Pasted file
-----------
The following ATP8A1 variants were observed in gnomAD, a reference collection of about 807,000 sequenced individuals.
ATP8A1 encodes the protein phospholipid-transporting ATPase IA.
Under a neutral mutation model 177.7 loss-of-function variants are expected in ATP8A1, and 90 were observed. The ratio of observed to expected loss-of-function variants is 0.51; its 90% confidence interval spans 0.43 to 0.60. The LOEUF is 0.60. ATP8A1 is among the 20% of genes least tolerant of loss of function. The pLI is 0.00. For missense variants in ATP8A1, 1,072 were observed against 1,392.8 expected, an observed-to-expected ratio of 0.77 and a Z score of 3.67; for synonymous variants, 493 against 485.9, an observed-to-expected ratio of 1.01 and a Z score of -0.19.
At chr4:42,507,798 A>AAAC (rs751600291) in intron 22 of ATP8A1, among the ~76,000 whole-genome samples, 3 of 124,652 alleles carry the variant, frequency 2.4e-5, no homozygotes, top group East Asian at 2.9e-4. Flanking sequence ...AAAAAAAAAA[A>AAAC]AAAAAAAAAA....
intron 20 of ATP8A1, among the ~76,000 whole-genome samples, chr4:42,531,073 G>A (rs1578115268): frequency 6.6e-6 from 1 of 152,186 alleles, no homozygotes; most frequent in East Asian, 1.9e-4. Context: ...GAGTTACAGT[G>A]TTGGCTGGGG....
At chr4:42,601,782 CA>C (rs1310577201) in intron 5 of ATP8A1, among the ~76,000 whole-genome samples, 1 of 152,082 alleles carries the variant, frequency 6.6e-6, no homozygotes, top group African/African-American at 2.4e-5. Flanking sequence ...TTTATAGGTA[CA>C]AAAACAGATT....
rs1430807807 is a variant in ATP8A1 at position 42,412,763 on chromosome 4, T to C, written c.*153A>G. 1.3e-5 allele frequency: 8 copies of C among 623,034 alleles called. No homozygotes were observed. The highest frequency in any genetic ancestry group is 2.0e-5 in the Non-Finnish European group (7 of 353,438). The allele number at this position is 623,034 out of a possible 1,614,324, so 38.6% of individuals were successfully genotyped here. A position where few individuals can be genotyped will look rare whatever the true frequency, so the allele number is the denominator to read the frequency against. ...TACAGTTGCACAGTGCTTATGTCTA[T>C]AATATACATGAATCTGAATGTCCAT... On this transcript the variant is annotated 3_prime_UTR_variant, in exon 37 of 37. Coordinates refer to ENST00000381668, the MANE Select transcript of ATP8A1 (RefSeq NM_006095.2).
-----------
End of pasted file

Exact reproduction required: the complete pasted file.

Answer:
The following ATP8A1 variants were observed in gnomAD, a reference collection of about 807,000 sequenced individuals.
ATP8A1 encodes the protein phospholipid-transporting ATPase IA.
Under a neutral mutation model 177.7 loss-of-function variants are expected in ATP8A1, and 90 were observed. The ratio of observed to expected loss-of-function variants is 0.51; its 90% confidence interval spans 0.43 to 0.60. The LOEUF is 0.60. ATP8A1 is among the 20% of genes least tolerant of loss of function. The pLI is 0.00. For missense variants in ATP8A1, 1,072 were observed against 1,392.8 expected, an observed-to-expected ratio of 0.77 and a Z score of 3.67; for synonymous variants, 493 against 485.9, an observed-to-expected ratio of 1.01 and a Z score of -0.19.
At chr4:42,507,798 A>AAAC (rs751600291) in intron 22 of ATP8A1, among the ~76,000 whole-genome samples, 3 of 124,652 alleles carry the variant, frequency 2.4e-5, no homozygotes, top group East Asian at 2.9e-4. Flanking sequence ...AAAAAAAAAA[A>AAAC]AAAAAAAAAA....
intron 20 of ATP8A1, among the ~76,000 whole-genome samples, chr4:42,531,073 G>A (rs1578115268): frequency 6.6e-6 from 1 of 152,186 alleles, no homozygotes; most frequent in East Asian, 1.9e-4. Context: ...GAGTTACAGT[G>A]TTGGCTGGGG....
At chr4:42,601,782 CA>C (rs1310577201) in intron 5 of ATP8A1, among the ~76,000 whole-genome samples, 1 of 152,082 alleles carries the variant, frequency 6.6e-6, no homozygotes, top group African/African-American at 2.4e-5. Flanking sequence ...TTTATAGGTA[CA>C]AAAACAGATT....
rs1430807807 is a variant in ATP8A1 at position 42,412,763 on chromosome 4, T to C, written c.*153A>G. 1.3e-5 allele frequency: 8 copies of C among 623,034 alleles called. No homozygotes were observed. The highest frequency in any genetic ancestry group is 2.0e-5 in the Non-Finnish European group (7 of 353,438). The allele number at this position is 623,034 out of a possible 1,614,324, so 38.6% of individuals were successfully genotyped here. A position where few individuals can be genotyped will look rare whatever the true frequency, so the allele number is the denominator to read the frequency against. ...TACAGTTGCACAGTGCTTATGTCTA[T>C]AATATACATGAATCTGAATGTCCAT... On this transcript the variant is annotated 3_prime_UTR_variant, in exon 37 of 37. Coordinates refer to ENST00000381668, the MANE Select transcript of ATP8A1 (RefSeq NM_006095.2).